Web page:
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What CISOs should focus on to achieve cyber resilience in the modern era of data

By , Principal Systems Engineer at Commvault SA.
24 Jun 2024
Modeen Malick, Principal Systems Engineer at Commvault
Modeen Malick, Principal Systems Engineer at Commvault

While there are a variety of cybersecurity frameworks that exist, all of them in some way allude to better resilience outcomes. The most commonly adopted among these frameworks is the NIST Cybersecurity Framework, which provides guidance and best practices for private sector organisations to follow to improve information security and cybersecurity risk management.

The framework is designed around five legacy pillars – identify, protect, detect, respond and recover – which shape the thinking of decision-makers and security experts who acquire the technology to protect and defend enterprises and integrate it into environments.

However, to achieve cyber resilience in the modern era of data, Chief Information Security Officers (CISOs) are defined by two personas – the first being the security architecture and engineering persona, which is all about developing, implementing, and enforcing security policies to protect critical data.

The other, emerging persona is centred on risk, governance and compliance and is becoming more important than ever as recent European legislation, such as the Digital Operational Resilience Act (DORA), requires that CISOs pivot slightly towards regulations.

Legislation such as DORA requires that organisations not only have a robust plan for recovery in place but also the ability to test and practice this recovery to prove that they are ready for a potential breach.

Evolving priorities

With this in mind, CISOs have several evolving priorities to focus on, which map neatly into the pillars of the NIST Cybersecurity Framework. These are:

  • Track known risks and “Know Thy Assets”: Because data is the new oil, organisations must know exactly what their assets are by having a clear list of critical applications.
  • Address the “Data Custodian” paradox: This requires working with system owners and owners of data within different lines of business and ensuring that they put the right governance in place.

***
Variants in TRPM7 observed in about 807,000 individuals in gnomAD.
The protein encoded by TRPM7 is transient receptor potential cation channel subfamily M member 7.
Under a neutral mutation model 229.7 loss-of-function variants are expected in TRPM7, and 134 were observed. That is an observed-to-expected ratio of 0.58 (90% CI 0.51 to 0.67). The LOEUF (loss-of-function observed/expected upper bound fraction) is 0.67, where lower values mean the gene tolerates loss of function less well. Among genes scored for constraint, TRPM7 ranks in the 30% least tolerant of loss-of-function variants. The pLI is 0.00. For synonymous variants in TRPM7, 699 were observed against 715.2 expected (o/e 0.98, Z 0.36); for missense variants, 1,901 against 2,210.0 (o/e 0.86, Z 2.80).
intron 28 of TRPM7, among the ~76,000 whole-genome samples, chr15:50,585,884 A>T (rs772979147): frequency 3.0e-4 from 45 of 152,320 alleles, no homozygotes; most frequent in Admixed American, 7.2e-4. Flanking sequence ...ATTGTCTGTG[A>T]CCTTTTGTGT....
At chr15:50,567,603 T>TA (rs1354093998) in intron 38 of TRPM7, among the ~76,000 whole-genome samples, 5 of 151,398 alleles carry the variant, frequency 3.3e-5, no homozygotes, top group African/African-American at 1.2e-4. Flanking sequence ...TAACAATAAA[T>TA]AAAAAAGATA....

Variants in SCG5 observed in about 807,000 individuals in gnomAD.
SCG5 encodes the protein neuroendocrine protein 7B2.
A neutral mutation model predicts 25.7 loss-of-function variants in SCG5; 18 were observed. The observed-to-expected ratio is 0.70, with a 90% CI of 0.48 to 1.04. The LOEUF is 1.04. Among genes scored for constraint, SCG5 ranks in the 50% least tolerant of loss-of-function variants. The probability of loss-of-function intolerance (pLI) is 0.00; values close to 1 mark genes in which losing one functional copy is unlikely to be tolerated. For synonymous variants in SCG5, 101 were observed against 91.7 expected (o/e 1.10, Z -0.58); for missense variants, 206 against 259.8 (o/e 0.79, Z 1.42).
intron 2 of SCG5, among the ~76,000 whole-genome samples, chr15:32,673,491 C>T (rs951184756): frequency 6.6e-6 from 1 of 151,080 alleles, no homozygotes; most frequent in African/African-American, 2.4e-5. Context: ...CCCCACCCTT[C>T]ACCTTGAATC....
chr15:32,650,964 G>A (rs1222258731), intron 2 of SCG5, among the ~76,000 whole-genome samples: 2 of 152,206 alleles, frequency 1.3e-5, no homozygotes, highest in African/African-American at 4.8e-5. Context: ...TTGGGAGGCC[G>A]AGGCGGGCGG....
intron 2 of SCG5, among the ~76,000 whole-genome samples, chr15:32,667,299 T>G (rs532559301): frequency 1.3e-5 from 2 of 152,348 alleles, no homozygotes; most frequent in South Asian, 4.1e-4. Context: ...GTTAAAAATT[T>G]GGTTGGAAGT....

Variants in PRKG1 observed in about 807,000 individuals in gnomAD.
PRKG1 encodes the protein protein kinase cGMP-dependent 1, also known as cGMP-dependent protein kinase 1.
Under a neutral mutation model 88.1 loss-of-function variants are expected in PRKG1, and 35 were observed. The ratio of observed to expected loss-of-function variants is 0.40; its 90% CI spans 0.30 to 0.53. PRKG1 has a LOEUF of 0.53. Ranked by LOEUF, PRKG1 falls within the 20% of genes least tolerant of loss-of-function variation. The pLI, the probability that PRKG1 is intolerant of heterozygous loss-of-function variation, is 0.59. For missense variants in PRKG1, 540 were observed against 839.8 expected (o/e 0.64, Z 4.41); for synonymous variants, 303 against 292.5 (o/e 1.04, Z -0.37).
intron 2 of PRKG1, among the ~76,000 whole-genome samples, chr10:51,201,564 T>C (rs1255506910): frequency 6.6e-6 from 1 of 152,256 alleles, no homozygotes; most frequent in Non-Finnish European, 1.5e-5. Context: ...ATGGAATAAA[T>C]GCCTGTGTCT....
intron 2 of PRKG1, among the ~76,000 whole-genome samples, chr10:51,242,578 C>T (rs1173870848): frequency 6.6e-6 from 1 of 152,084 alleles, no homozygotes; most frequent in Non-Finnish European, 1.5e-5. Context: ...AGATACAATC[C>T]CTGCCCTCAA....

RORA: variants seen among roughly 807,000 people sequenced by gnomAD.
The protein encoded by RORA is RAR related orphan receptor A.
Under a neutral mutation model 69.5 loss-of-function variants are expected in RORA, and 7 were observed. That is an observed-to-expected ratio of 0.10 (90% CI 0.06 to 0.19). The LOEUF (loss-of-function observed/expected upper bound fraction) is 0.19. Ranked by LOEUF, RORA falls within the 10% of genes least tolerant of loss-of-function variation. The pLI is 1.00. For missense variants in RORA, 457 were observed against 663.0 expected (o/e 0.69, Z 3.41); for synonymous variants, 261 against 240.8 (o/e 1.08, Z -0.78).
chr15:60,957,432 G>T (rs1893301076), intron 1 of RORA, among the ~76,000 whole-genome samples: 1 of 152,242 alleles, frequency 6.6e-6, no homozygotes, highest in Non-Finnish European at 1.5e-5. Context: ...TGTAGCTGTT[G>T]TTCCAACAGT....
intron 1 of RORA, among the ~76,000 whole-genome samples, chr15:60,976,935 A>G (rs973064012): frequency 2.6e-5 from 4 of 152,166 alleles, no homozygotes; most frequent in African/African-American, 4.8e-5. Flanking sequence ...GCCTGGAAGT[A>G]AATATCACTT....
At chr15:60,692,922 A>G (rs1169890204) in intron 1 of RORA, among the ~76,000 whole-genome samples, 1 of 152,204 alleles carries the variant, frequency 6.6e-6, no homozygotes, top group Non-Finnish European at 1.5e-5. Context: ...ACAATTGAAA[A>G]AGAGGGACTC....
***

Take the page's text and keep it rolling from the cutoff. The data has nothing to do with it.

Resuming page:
• Drive security awareness: Driving security awareness across all layers of an organisation is paramount as humans are often the weakest link in an IT security strategy. It is important to educate people to understand, identify and avoid cyber threats.
  • Map out Survival Time Objective: This is a key priority as it determines how much time the IT department requires to recover critical data after a disaster. This represents how long the enterprise can survive without IT services and infrastructure.
  • Prepare for upcoming challenges: CISOs must be prepared for how Artificial Intelligence (AI) and generative AI will affect their approach to security. Threats such as Adversarial Neural Networks that can result in data poisoning are a reality.
  • Taking action: Additionally, from a cyber resilience perspective in the modern era of data, CISOs should be paying attention to action in three pillars, namely application stack resilience, infrastructure resilience and data resilience.

Over the past three or four decades, most organisations have been investing in infrastructure resilience, for example, firewalls, intrusion detection systems or network detection tools. However, a greater focus now needs to be placed on application stack resilience and data resilience.

Cyber resilience can effectively be achieved by adopting a platform that can meet the complexity and needs of the modern enterprise. This platform must ensure operational recovery through comprehensive data protection support with built-in privacy controls to control access to data from immutable backup targets.

Furthermore, it must deliver Disaster Recovery (DR)with auto-recovery capabilities that deliver efficient data replication, one-click failover orchestration and recovery readiness validation. Lastly, it should enable simple, secure and rapid cyber recovery, as well as a continuous capability to test this recovery and ultimately cleanroom recovery to conduct forensic analysis.

Cyber resilience is a comprehensive approach to cybersecurity, emphasising the ability, preparedness, and adaptability to effectively navigate and recover from cyber threats and incidents. Considering the frequency and sophistication of today’s cyber threats, cyber resilience should be a top priority for all organisations.

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